The leaders of the two Kuki armed groups -- the United Peoples' Front (UPF) and the Kuki National Organization (KNO) -- are again heading to New Delhi with the hope of materializing a political dialogue with representatives of the central government.
A meeting with officials of the Ministry of Home Affairs (MHA) is likely to take place within the next few days. The meeting will be the first high-level engagement between the two sides under Prime Minister Narendra Modi's government.
The issue of holding political talk has been dragging on for years. The Indian Army and the Kuki armed groups have observed Suspension of Operations (SoO) since August 1, 2005. A tripartite agreement, involving the UPF and KNO, the central government and the Manipur state government, was formally signed on August 22, 2008. The current one-year-term ends on August 22.
The SoO was possible after the Kuki armed groups accepted former Prime Minister Manmohan Singh's appeal for resolving armed conflicts through dialogue. The Congress government agreed, in principle, to initiate political dialogue within the framework of the Indian constitution.
Last year, the Indian government made the assurance that political talk would begin immediately following the winter session of the national parliament. Mr. Shambhu Singh, Joint Secretary (North East), MHA, briefed representatives of the UPF and KNO on the modalities of holding dialogue. However, eight years have lapsed since the start of the SoO, but no political dialogue has materialized yet.
Because of the government's alleged indifferent attitude, the UPF had last year warned not to allow the inspection of its designated camps by government officials if no political dialogue began by August 22. The group also threatened to boycott the Congress party in the 16th Lok Sabha election.
How is the situation of the armed groups and the political atmosphere in New Delhi different from the previous years? Is there any sight of solution to the Kukis political demand under the new administration?
In anticipation of political dialogue with the central government, the armed groups discussed among themselves with the hope of finding a common strategy. However, it appears that they have not been able to reach a consensus on presenting one single political demand.
The UPF and KNO, constituted by over 20 armed groups, have two different political objectives. The UPF demands an autonomous hill state, or a state within a state under Article 244-A of the Indian constitution. The KNO demands the creation of a separate Kuki state.
Another challenge to the solution of Kukis political demand is on the question of competing demands. The Nagas, who form another major ethnic group in Manipur state, also claim the same geographical areas in four hill districts. The National Socialist Council of Nagalim (NSCN-IM) claims Chandel, Senapati, Tamenglong and Ukhrul as their own territories in their quest for greater or southern Nagaland.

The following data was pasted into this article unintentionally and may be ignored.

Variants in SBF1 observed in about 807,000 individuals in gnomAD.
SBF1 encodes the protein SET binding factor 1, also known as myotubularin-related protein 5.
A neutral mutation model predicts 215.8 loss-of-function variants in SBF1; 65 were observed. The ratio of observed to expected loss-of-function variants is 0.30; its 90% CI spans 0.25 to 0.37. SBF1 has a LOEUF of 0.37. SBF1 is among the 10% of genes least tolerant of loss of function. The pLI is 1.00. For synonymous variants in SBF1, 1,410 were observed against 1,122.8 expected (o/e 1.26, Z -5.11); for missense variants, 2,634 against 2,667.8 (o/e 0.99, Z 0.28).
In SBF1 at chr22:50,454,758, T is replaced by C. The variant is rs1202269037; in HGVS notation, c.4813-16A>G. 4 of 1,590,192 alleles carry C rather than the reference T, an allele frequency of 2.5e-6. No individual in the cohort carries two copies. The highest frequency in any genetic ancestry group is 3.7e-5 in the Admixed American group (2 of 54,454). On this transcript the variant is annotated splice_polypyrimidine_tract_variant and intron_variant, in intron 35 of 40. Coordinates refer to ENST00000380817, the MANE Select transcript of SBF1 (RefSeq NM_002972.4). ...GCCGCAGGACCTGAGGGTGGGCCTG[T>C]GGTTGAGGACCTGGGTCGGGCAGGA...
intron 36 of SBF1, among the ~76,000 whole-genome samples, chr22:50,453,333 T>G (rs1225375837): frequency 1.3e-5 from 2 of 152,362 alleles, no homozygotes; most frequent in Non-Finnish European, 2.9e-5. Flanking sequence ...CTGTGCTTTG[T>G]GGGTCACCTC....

New Delhi has had several rounds of political dialogue with the Nagas, particularly the NSCN-IM. These competing demands of overlapping areas have given rise to severe insurgency problems for the past many years.
Knowing the potential consequences of political dialogue between the Kuki armed groups and the central government, the Manipur state government inserted a clause in the initial tripartite agreement, that is, the territorial integrity of Manipur cannot be disturbed.
In light of the recent creation of Telangana state out of Andhra Pradesh despite a strong opposition from the state government, many begin to think that it is not an impossible task to carve out a Kuki state from Manipur.
However, it is important to understand that the Kukis and the Nagas have to reach some sort of understanding, if not agreement, on the question of competing demands in overlapping territories.
Whatever the outcome it might be, it is important that the central government keeps its earlier promises and begin political dialogue with the Kuki armed groups. There has been enough frustration of extending SoO for the past eight years, without achieving any substantive result.
A leader of the UPF in a recent statement said, "There is no point keeping on extending the Suspension of Operation (SoO) every year without engaging in political dialogue...the cadres will get frustrated if this thing continues for longer."
There is a general feeling among the people of Manipur, including the Kuki armed groups, that the Bharatiya Janata Party-led National Democratic Alliance coalition government would take a pro-active approach to address insurgency problems through political means.
The demand for a Kuki state comprising all the Kuki inhabited areas of Manipur was first submitted to then Prime Minister Jawaharlal Nehru on March 24, 1960 by the Kuki National Assembly, a political body formed in 1946.
However, history would not do justice unless the present leaders of the Kuki armed groups formulate a practical strategy by setting aside personal and ideological differences.
Nehginpao Kipgen is a political scientist whose works have been widely published in five continents -- Asia, Africa, Australia, Europe, and North America. He is the author of Politics Of Ethnic Conflict In Manipur, published by SAGE from the United Kingdom.